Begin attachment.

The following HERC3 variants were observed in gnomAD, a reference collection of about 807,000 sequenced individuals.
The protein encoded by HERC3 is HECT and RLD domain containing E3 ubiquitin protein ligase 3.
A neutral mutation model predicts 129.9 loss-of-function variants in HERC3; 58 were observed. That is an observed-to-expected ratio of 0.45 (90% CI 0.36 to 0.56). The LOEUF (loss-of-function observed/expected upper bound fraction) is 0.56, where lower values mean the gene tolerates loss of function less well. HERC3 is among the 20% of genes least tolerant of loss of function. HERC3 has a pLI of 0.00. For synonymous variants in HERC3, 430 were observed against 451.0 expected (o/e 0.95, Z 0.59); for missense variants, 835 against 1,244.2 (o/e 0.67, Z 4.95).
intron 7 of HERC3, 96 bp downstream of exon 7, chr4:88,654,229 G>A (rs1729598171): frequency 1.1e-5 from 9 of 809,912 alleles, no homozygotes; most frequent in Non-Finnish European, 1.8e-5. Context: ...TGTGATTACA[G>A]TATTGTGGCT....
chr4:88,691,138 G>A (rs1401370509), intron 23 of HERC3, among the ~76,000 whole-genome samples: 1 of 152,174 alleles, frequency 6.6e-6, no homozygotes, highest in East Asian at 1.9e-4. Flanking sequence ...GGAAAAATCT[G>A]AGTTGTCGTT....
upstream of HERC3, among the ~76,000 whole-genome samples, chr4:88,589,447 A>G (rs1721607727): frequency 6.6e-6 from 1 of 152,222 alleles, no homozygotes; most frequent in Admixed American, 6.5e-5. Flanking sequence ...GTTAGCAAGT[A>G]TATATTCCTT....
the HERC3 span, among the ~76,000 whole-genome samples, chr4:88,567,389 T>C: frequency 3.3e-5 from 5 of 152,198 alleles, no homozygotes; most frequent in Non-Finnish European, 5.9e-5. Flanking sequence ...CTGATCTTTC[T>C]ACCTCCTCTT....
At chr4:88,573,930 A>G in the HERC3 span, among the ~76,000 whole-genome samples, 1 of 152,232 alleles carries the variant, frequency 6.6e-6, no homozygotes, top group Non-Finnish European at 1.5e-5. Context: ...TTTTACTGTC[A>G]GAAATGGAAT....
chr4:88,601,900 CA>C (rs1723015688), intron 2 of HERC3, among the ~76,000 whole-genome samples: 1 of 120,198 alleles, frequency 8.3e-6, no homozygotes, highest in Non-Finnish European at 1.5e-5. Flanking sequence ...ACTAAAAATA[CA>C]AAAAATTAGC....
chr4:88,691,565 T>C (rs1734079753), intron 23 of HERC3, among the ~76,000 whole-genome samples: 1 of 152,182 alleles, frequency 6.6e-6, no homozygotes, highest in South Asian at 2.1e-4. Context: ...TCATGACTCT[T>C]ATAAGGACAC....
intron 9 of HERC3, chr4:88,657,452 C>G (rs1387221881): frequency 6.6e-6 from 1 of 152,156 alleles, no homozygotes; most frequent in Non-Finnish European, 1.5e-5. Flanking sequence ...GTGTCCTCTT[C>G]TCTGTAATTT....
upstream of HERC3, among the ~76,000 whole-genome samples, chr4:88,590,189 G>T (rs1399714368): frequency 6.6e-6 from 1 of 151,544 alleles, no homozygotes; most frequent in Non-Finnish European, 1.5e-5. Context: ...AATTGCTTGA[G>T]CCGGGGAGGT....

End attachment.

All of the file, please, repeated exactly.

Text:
The following HERC3 variants were observed in gnomAD, a reference collection of about 807,000 sequenced individuals.
The protein encoded by HERC3 is HECT and RLD domain containing E3 ubiquitin protein ligase 3.
A neutral mutation model predicts 129.9 loss-of-function variants in HERC3; 58 were observed. That is an observed-to-expected ratio of 0.45 (90% CI 0.36 to 0.56). The LOEUF (loss-of-function observed/expected upper bound fraction) is 0.56, where lower values mean the gene tolerates loss of function less well. HERC3 is among the 20% of genes least tolerant of loss of function. HERC3 has a pLI of 0.00. For synonymous variants in HERC3, 430 were observed against 451.0 expected (o/e 0.95, Z 0.59); for missense variants, 835 against 1,244.2 (o/e 0.67, Z 4.95).
intron 7 of HERC3, 96 bp downstream of exon 7, chr4:88,654,229 G>A (rs1729598171): frequency 1.1e-5 from 9 of 809,912 alleles, no homozygotes; most frequent in Non-Finnish European, 1.8e-5. Context: ...TGTGATTACA[G>A]TATTGTGGCT....
chr4:88,691,138 G>A (rs1401370509), intron 23 of HERC3, among the ~76,000 whole-genome samples: 1 of 152,174 alleles, frequency 6.6e-6, no homozygotes, highest in East Asian at 1.9e-4. Flanking sequence ...GGAAAAATCT[G>A]AGTTGTCGTT....
upstream of HERC3, among the ~76,000 whole-genome samples, chr4:88,589,447 A>G (rs1721607727): frequency 6.6e-6 from 1 of 152,222 alleles, no homozygotes; most frequent in Admixed American, 6.5e-5. Flanking sequence ...GTTAGCAAGT[A>G]TATATTCCTT....
the HERC3 span, among the ~76,000 whole-genome samples, chr4:88,567,389 T>C: frequency 3.3e-5 from 5 of 152,198 alleles, no homozygotes; most frequent in Non-Finnish European, 5.9e-5. Flanking sequence ...CTGATCTTTC[T>C]ACCTCCTCTT....
At chr4:88,573,930 A>G in the HERC3 span, among the ~76,000 whole-genome samples, 1 of 152,232 alleles carries the variant, frequency 6.6e-6, no homozygotes, top group Non-Finnish European at 1.5e-5. Context: ...TTTTACTGTC[A>G]GAAATGGAAT....
chr4:88,601,900 CA>C (rs1723015688), intron 2 of HERC3, among the ~76,000 whole-genome samples: 1 of 120,198 alleles, frequency 8.3e-6, no homozygotes, highest in Non-Finnish European at 1.5e-5. Flanking sequence ...ACTAAAAATA[CA>C]AAAAATTAGC....
chr4:88,691,565 T>C (rs1734079753), intron 23 of HERC3, among the ~76,000 whole-genome samples: 1 of 152,182 alleles, frequency 6.6e-6, no homozygotes, highest in South Asian at 2.1e-4. Context: ...TCATGACTCT[T>C]ATAAGGACAC....
intron 9 of HERC3, chr4:88,657,452 C>G (rs1387221881): frequency 6.6e-6 from 1 of 152,156 alleles, no homozygotes; most frequent in Non-Finnish European, 1.5e-5. Flanking sequence ...GTGTCCTCTT[C>G]TCTGTAATTT....
upstream of HERC3, among the ~76,000 whole-genome samples, chr4:88,590,189 G>T (rs1399714368): frequency 6.6e-6 from 1 of 151,544 alleles, no homozygotes; most frequent in Non-Finnish European, 1.5e-5. Context: ...AATTGCTTGA[G>T]CCGGGGAGGT....